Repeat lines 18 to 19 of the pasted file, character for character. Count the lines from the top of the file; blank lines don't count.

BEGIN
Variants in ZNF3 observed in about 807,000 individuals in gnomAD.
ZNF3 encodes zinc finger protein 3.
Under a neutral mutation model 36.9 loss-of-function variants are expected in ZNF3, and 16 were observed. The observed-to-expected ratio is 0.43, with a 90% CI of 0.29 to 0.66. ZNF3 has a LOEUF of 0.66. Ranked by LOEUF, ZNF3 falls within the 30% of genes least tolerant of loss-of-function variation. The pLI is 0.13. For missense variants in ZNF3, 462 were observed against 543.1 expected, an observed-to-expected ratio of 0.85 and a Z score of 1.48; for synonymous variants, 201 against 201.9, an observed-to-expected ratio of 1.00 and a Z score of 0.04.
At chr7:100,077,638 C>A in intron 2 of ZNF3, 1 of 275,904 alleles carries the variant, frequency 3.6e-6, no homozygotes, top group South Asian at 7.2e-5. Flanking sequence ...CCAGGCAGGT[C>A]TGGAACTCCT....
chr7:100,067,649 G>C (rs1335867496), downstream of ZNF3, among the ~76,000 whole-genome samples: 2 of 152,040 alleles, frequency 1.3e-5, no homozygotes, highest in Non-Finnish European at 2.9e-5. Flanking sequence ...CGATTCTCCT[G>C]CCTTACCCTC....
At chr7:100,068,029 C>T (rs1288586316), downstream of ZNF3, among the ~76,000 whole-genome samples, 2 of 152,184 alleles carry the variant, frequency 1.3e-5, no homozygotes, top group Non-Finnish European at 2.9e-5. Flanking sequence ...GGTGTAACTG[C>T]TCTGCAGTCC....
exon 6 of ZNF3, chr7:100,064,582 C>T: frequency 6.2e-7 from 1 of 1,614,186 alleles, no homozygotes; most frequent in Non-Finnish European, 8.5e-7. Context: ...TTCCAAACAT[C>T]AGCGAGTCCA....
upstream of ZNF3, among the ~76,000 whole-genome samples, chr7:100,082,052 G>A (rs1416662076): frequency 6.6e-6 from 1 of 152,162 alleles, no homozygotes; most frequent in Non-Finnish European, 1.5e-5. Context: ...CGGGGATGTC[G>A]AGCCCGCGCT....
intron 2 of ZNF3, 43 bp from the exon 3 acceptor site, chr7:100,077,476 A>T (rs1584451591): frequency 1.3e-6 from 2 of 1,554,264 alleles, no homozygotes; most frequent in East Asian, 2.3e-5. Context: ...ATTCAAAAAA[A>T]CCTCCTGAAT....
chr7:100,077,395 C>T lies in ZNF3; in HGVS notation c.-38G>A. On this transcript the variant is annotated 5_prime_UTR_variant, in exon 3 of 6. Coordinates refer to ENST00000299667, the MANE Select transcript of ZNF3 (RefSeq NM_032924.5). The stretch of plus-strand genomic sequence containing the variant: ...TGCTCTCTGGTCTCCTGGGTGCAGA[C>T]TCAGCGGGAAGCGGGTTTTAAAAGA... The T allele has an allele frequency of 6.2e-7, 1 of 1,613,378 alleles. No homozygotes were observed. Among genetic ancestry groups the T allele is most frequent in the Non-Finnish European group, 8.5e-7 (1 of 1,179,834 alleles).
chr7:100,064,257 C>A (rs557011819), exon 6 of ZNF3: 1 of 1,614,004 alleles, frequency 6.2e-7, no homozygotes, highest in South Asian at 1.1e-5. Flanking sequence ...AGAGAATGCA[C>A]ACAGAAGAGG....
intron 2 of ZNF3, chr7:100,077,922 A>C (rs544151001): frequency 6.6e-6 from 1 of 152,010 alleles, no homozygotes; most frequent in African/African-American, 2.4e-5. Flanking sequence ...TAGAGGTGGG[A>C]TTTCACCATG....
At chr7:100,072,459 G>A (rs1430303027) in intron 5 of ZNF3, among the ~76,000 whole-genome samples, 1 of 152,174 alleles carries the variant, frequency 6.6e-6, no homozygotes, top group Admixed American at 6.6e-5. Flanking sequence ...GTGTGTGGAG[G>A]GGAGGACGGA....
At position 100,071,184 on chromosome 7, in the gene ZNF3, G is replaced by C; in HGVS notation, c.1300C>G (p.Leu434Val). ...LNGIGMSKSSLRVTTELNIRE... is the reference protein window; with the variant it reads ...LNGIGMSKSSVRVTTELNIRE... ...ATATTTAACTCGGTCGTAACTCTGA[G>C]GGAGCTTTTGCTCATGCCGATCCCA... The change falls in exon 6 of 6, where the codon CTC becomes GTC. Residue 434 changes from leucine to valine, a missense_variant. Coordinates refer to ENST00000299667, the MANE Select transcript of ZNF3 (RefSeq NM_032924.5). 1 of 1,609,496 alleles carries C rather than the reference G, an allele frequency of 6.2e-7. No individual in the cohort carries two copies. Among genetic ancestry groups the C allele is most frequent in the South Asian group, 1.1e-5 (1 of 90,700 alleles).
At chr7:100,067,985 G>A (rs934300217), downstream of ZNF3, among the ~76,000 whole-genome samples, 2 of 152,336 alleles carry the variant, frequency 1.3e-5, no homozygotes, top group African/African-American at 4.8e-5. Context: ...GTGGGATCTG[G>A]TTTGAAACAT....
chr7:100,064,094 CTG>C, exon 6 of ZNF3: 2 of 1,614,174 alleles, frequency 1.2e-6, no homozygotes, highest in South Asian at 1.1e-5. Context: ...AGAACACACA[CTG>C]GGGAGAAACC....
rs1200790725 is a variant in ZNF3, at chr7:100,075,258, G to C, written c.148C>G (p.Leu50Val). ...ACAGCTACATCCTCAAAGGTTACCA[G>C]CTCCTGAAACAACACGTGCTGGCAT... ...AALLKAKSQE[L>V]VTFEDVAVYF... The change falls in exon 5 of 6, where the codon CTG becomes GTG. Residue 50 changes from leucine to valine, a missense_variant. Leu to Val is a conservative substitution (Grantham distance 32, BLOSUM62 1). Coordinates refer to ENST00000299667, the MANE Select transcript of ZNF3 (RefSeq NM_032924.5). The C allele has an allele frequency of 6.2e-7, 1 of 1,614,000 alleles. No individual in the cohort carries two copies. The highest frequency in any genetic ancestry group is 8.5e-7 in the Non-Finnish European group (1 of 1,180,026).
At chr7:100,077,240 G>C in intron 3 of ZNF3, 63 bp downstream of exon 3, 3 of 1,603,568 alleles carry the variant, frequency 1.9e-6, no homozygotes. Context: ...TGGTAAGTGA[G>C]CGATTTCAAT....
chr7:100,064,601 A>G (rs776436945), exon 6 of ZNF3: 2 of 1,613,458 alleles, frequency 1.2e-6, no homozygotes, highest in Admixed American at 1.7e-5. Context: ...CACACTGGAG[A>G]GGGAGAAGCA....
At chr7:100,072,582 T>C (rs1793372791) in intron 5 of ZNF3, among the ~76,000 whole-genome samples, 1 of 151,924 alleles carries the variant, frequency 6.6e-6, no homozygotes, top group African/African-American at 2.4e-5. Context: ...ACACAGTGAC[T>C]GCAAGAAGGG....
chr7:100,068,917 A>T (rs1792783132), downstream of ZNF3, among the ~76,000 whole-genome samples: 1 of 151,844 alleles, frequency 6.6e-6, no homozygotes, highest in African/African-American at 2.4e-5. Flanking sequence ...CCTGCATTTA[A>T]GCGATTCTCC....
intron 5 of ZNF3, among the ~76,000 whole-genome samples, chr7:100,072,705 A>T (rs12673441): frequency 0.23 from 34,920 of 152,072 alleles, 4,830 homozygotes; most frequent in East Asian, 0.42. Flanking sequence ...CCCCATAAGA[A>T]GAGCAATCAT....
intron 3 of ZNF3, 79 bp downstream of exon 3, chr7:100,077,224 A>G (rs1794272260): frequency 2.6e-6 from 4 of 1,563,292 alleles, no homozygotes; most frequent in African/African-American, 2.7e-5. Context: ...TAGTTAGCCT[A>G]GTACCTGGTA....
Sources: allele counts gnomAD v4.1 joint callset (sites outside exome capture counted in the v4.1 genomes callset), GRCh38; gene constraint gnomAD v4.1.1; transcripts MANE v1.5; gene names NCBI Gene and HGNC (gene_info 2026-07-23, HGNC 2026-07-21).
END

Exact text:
At chr7:100,077,240 G>C in intron 3 of ZNF3, 63 bp downstream of exon 3, 3 of 1,603,568 alleles carry the variant, frequency 1.9e-6, no homozygotes. Context: ...TGGTAAGTGA[G>C]CGATTTCAAT....
chr7:100,064,601 A>G (rs776436945), exon 6 of ZNF3: 2 of 1,613,458 alleles, frequency 1.2e-6, no homozygotes, highest in Admixed American at 1.7e-5. Context: ...CACACTGGAG[A>G]GGGAGAAGCA....